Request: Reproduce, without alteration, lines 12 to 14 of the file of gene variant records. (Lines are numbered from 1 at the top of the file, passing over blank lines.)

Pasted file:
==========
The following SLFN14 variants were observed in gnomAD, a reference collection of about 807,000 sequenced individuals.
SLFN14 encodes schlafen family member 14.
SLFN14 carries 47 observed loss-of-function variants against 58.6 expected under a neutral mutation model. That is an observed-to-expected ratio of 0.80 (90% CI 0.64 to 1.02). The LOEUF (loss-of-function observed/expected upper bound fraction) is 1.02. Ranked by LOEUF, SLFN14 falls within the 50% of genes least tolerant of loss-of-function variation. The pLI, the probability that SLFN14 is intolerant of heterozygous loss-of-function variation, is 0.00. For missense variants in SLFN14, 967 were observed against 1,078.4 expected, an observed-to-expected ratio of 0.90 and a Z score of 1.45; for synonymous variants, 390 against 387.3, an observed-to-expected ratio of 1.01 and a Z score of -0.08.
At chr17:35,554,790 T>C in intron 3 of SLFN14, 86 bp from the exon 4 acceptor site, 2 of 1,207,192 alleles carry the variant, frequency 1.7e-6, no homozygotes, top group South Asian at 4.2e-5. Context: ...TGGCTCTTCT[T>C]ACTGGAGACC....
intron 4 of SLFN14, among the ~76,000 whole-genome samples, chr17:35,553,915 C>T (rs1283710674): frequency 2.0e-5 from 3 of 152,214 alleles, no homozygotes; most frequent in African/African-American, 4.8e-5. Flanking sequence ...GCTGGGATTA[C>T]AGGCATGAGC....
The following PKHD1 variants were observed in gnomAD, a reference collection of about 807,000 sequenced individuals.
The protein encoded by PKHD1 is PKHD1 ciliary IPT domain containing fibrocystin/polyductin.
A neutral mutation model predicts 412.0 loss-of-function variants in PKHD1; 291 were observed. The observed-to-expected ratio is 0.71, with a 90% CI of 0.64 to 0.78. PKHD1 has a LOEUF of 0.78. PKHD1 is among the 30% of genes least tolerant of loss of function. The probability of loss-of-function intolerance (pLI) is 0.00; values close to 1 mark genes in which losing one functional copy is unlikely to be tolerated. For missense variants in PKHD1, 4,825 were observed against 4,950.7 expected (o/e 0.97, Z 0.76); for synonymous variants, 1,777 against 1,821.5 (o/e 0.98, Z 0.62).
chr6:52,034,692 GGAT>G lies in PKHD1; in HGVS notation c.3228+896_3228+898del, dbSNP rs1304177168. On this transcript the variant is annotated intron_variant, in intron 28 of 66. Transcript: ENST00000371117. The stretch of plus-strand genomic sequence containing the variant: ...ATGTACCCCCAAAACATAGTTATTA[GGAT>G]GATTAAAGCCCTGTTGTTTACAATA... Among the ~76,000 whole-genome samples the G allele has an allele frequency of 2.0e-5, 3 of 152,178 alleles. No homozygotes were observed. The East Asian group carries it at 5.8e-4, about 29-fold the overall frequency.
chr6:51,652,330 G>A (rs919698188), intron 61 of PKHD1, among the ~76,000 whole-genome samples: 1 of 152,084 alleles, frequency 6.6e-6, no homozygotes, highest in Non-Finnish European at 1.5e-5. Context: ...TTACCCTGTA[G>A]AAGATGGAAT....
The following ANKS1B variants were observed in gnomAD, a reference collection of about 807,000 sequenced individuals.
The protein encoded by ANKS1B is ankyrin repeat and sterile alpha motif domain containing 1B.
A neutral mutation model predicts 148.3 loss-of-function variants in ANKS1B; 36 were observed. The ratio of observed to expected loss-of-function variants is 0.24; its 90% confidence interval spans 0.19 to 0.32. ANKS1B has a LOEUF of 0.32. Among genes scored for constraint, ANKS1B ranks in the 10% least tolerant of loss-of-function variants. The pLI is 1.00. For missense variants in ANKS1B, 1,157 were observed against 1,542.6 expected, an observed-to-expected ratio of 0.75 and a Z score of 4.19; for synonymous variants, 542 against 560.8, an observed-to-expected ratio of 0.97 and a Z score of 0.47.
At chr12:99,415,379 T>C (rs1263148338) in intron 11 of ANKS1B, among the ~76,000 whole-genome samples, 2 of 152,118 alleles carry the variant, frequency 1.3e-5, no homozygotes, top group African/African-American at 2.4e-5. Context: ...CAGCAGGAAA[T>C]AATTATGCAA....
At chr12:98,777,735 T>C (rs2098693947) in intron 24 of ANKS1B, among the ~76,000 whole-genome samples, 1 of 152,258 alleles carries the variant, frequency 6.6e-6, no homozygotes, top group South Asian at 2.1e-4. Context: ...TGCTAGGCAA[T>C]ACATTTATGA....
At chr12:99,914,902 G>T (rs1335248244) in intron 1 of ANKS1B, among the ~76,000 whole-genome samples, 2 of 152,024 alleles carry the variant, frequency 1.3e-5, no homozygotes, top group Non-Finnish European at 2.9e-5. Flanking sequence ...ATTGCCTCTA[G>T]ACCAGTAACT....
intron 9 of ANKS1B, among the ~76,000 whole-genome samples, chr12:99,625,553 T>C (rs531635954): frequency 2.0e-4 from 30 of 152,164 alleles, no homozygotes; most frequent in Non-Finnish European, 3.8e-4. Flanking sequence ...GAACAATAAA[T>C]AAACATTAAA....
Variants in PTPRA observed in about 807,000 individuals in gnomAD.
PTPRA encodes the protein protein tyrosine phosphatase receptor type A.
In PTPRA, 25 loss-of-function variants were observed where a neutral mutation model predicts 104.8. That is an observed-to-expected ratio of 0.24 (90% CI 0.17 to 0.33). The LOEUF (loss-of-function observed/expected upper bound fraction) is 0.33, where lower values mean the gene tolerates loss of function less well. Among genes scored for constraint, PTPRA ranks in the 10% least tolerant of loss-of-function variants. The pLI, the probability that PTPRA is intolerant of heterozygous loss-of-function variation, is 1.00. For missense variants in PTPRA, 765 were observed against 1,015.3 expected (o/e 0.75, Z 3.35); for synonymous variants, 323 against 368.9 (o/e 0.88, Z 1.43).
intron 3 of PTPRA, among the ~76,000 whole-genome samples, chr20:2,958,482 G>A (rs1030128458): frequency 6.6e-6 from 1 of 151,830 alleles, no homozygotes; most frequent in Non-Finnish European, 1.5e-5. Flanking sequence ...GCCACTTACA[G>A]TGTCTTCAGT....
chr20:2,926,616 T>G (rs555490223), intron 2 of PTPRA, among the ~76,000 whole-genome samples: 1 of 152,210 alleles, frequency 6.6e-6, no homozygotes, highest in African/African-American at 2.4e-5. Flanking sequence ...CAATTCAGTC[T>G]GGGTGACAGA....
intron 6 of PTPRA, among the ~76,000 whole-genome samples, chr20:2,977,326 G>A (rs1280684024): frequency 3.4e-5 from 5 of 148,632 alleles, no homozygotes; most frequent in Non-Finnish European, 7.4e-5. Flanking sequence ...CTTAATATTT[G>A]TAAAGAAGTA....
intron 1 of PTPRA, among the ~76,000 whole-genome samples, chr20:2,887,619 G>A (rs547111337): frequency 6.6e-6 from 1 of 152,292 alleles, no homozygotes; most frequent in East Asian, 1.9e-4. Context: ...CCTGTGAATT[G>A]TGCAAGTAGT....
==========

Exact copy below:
The protein encoded by ANKS1B is ankyrin repeat and sterile alpha motif domain containing 1B.
A neutral mutation model predicts 148.3 loss-of-function variants in ANKS1B; 36 were observed. The ratio of observed to expected loss-of-function variants is 0.24; its 90% confidence interval spans 0.19 to 0.32. ANKS1B has a LOEUF of 0.32. Among genes scored for constraint, ANKS1B ranks in the 10% least tolerant of loss-of-function variants. The pLI is 1.00. For missense variants in ANKS1B, 1,157 were observed against 1,542.6 expected, an observed-to-expected ratio of 0.75 and a Z score of 4.19; for synonymous variants, 542 against 560.8, an observed-to-expected ratio of 0.97 and a Z score of 0.47.
At chr12:99,415,379 T>C (rs1263148338) in intron 11 of ANKS1B, among the ~76,000 whole-genome samples, 2 of 152,118 alleles carry the variant, frequency 1.3e-5, no homozygotes, top group African/African-American at 2.4e-5. Context: ...CAGCAGGAAA[T>C]AATTATGCAA....